If a Syrian National Reconciliation Agreement – a Syrian Taif, in short – is a possible way out of the conflict, the main lesson that the Syrians should learn from their Lebanese brethren is that a power-sharing agreement should always be seen as a means to end a conflict rather than the end in itself. Many of the roots of Lebanon’s ongoing political crises stem from the fact that the political, economic, and social reform elements of the Taif agreement were not properly implemented. Key measures such as equitable development, administrative decentralization, political reform, and the de-commissioning of all militias and their integration into the Lebanese Army remain unexecuted, underscoring that the mere signing of an agreement is but one step.

 

Above all, when considering the Geneva II talks, it is also important to bear in mind that Taif was one of many attempts to end the violence in Lebanon. These seemingly futile attempts at peace might not bear immediate fruit, but they may nevertheless pave the way to a final peace. But regardless of what Brahimi and his successors will accomplish, it remains certain that Syria and the rest of the region will never look the same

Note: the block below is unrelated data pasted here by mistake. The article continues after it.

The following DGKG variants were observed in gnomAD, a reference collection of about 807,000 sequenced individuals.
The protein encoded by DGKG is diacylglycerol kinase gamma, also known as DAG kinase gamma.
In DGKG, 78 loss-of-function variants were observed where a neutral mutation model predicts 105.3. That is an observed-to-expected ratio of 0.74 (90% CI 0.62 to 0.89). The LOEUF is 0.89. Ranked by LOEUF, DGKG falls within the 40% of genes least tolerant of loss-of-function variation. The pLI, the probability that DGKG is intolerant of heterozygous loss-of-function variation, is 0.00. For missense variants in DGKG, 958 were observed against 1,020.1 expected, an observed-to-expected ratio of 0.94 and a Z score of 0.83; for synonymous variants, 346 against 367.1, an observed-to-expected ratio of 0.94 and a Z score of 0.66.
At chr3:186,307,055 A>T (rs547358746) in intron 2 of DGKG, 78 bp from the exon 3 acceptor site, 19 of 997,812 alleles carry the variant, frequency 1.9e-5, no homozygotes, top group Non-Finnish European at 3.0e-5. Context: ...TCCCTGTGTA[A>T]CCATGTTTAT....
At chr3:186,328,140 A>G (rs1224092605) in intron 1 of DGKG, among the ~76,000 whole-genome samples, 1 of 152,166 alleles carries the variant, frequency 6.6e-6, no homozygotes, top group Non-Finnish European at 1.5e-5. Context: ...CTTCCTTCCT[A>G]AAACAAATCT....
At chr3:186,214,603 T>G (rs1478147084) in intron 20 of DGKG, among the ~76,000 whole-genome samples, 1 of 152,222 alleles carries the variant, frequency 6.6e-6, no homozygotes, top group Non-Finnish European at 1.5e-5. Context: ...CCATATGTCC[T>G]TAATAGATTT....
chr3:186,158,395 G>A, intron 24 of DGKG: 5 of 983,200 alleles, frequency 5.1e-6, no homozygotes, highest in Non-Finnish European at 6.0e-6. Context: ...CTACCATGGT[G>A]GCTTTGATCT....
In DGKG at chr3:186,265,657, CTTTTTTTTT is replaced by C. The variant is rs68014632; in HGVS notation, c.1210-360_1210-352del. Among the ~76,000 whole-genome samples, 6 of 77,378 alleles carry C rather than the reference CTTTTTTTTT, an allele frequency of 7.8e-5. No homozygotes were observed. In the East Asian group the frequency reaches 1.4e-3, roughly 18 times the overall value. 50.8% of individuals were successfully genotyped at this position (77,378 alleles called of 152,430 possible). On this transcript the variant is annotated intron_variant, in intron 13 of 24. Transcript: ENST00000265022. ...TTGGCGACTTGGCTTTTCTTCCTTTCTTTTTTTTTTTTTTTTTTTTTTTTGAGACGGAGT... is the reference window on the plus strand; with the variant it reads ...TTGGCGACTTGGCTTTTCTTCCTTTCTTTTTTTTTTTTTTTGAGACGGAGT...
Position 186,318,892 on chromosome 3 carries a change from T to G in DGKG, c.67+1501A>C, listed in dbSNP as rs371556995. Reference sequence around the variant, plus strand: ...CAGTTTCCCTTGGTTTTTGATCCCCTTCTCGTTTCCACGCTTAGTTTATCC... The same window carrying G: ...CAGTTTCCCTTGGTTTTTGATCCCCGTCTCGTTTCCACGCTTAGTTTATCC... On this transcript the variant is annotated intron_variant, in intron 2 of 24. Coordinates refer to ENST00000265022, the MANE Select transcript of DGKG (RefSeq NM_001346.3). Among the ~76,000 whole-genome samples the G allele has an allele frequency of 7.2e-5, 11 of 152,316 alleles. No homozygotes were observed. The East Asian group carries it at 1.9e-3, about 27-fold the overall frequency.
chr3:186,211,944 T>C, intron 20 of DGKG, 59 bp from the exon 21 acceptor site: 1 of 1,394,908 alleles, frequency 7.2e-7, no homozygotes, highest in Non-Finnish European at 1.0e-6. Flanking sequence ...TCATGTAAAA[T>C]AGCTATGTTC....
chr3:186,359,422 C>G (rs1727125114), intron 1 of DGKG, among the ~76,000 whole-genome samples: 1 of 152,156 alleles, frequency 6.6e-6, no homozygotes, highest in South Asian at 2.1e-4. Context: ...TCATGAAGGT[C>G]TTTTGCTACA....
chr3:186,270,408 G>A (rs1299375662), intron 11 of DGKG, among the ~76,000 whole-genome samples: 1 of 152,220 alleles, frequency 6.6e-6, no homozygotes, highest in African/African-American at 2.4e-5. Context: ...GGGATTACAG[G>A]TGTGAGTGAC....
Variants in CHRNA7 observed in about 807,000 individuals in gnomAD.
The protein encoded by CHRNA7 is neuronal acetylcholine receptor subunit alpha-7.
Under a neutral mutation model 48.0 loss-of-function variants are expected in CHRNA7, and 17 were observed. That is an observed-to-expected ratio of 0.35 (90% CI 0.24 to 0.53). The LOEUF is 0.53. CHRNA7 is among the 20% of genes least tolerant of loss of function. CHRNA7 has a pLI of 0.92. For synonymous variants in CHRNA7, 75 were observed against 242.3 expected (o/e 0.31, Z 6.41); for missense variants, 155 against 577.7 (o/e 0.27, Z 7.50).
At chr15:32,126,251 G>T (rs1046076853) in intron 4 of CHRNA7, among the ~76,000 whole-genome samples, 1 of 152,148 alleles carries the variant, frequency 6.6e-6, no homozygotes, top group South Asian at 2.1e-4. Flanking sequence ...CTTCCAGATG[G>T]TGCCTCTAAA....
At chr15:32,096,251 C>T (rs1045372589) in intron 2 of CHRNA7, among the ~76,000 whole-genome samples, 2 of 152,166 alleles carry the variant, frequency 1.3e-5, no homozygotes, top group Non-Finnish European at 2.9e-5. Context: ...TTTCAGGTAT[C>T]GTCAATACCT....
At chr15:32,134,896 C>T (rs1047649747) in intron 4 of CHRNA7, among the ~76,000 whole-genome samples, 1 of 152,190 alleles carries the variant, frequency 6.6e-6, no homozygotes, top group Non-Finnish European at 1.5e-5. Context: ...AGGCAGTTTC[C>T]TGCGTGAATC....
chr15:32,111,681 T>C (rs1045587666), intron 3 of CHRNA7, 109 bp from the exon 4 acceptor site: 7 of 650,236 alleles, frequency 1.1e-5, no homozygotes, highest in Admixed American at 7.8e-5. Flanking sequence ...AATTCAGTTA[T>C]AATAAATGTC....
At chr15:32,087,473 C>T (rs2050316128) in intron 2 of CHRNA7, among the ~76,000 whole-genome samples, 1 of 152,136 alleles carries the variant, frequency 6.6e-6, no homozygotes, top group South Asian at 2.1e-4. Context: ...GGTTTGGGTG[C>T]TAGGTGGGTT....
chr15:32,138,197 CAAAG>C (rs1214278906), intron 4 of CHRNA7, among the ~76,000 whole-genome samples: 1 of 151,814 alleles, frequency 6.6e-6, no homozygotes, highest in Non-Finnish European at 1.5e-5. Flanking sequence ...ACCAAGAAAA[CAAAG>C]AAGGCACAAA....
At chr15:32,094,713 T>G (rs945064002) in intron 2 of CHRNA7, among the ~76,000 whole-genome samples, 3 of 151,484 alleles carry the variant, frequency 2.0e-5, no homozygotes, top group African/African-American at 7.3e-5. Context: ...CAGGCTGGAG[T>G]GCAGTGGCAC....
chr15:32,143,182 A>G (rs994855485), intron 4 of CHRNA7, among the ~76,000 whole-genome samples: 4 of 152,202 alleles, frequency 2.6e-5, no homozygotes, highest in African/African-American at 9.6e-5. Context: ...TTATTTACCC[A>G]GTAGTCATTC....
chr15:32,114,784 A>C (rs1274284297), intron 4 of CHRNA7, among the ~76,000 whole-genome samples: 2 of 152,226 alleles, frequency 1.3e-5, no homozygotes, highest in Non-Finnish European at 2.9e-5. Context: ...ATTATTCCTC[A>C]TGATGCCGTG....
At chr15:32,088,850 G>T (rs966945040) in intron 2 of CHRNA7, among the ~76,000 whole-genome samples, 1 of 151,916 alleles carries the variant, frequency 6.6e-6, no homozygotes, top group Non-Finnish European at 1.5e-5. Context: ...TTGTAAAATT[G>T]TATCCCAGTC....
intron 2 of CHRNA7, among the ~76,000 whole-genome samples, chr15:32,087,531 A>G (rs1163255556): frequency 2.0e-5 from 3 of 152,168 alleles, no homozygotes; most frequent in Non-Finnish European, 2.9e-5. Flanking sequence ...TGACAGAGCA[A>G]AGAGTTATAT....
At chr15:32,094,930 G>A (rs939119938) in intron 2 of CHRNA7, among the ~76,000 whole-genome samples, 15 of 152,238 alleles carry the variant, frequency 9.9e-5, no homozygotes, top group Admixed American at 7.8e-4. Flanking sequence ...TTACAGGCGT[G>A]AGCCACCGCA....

Khalil Gebara is a Lecturer of Political Science at the American University of Beirut. Makram Rabah is a PhD candidate at Georgetown University’s History Department. He is the author of “A Campus at War: Student Politics at the American University of Beirut, 1967–1975.”